Six steps to Brexit-proof your banking licence

Six steps to Brexit-proof your banking licence

This articles tackles one of the biggest dilemmas in financial services - how do EU and UK banks continue to do business as usual after Brexit?

Giles Adams - Partner, Regulatory Risk Compliance Practice, KPMG UK

Partner, Regulatory Risk Compliance Practice

KPMG in the UK


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‘Passporting’ has been the hottest topic in financial services since the referendum. It sums up the dilemma on either side of the Channel: how do EU, UK and third country banks continue to do business as usual in the UK and across Europe once the UK has left the EU?

Right now, around 8,000 organisations passport into the UK to secure their presence here. Another 5,500 City firms do the same into the EU itself. Come March 2019 all that will change. All banks - many with little experience of the UK regulator - will need a licenced branch or subsidiary to operate in the UK, while the UK itself will have third country status.

As uncertainty continues to swirl around the Brexit negotiations, many banks still have countless unanswered questions. And yet the clock is ticking fast: it usually takes 18 months to gain a licence and more than two years to set up a subsidiary.

With just 130 European banks so far applying for a full licence to do business here after Brexit, firms clearly want some direction before making vital decisions for their future. Encouragingly, the regulators have been calling for a transition period to ease the City’s passage to Brexit, as was also outlined in Prime Minister Theresa May’s Florence speech. The Prudential Regulation Authority (PRA) and Financial Conduct Authority (FCA) are also considering various solutions for the wave of firms seeking authorisation, with temporary licences suggested as a potential solution.

While the authorities and the Government decide on the best way forward, there’s plenty banks themselves can already be doing now. That includes vital no regrets decisions to ensure your business is not just Brexit-ready, but match-fit for the opportunities ahead.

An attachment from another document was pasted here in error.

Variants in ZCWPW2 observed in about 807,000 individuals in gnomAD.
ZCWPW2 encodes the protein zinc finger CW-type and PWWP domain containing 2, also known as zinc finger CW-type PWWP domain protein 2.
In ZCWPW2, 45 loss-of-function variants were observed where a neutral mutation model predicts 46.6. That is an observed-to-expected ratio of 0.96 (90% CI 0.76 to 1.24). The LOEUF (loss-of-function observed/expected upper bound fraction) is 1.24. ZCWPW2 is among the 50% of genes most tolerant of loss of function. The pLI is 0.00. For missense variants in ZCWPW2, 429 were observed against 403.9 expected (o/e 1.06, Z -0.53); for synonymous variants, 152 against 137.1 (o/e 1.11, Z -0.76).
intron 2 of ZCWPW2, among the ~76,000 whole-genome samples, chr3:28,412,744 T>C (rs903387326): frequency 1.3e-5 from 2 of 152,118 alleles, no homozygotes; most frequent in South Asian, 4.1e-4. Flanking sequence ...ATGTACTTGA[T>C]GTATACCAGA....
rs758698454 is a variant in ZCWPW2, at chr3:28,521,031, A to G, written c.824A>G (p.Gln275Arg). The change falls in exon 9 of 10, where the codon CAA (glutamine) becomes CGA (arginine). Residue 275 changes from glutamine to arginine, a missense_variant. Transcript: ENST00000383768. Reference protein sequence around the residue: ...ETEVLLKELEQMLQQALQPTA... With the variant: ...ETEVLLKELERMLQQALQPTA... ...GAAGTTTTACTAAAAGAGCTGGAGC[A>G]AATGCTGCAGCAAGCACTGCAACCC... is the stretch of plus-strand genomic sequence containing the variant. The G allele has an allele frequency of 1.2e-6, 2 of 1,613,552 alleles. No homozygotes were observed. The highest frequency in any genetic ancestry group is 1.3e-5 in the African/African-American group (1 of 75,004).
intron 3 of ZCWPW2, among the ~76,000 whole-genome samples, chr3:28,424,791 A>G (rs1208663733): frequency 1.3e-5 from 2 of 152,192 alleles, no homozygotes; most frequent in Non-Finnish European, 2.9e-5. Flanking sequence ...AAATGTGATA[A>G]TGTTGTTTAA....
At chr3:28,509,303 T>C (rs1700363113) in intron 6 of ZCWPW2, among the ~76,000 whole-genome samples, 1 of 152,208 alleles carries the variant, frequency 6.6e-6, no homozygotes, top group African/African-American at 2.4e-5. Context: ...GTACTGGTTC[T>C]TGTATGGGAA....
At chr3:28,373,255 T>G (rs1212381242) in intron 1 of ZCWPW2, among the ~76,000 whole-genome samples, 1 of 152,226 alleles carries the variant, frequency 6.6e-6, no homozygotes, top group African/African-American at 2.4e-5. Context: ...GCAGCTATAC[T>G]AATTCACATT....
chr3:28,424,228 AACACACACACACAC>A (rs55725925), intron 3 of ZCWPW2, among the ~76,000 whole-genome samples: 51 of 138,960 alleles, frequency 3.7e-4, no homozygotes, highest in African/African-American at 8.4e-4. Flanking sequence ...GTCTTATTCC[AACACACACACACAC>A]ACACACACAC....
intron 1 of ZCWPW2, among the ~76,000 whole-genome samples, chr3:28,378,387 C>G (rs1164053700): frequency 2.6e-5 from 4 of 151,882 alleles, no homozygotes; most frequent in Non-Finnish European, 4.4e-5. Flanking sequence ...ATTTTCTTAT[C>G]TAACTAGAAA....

The six steps to no regrets readiness:

  1. Don’t make decisions in isolation – consider the likely commercial impact of either branch and subsidiary status on your business. Weigh up everything from cost, compliance and tax, to global mobility, resourcing and workforce
  2. If your business currently has branch status through passporting, think about the impact of the anticipated Prudential Regulation Authority (PRA) and FCA governance, if you should apply for third country branch status
  3. Ensure that your existing business meets the requirements of the PRA’s Supervisory Statement, SS12/14 – and pay close attention to any retail deposit taking that you offer your clients and customers
  4. Assess your risk framework. If you plan to become a third country branch, consider how you would meet the PRA and FCA requirements for UK risk management activities
  5. Review your firm’s existing outsourcing activities, from third parties to other legal entities within your branch’s group or with head office. Would they comply with the FCA and the PRA’s SYSC requirements?
  6. Look at the documentation linked to your branch’s IT infrastructure. Could you use this insight to meet your branch application?

These steps will not only help safeguard your business, they will provide key insight to aid the licence application process, for which you will also need to set out the UK branch specific governance framework and the KPIs driving your business after Brexit.

And remember while the regulators’ hands may be tied until they themselves have more direction, they may be able to help you understand your options and are already starting to reach out to branches to discuss next steps. 

With the UK’s largest bank authorisations and licencing practice and an extensive network of specialists across Europe, KPMG has direct access to the policy and decision makers that are reshaping Britain. To see how we can help your organisation transform for the future, please get in touch. 

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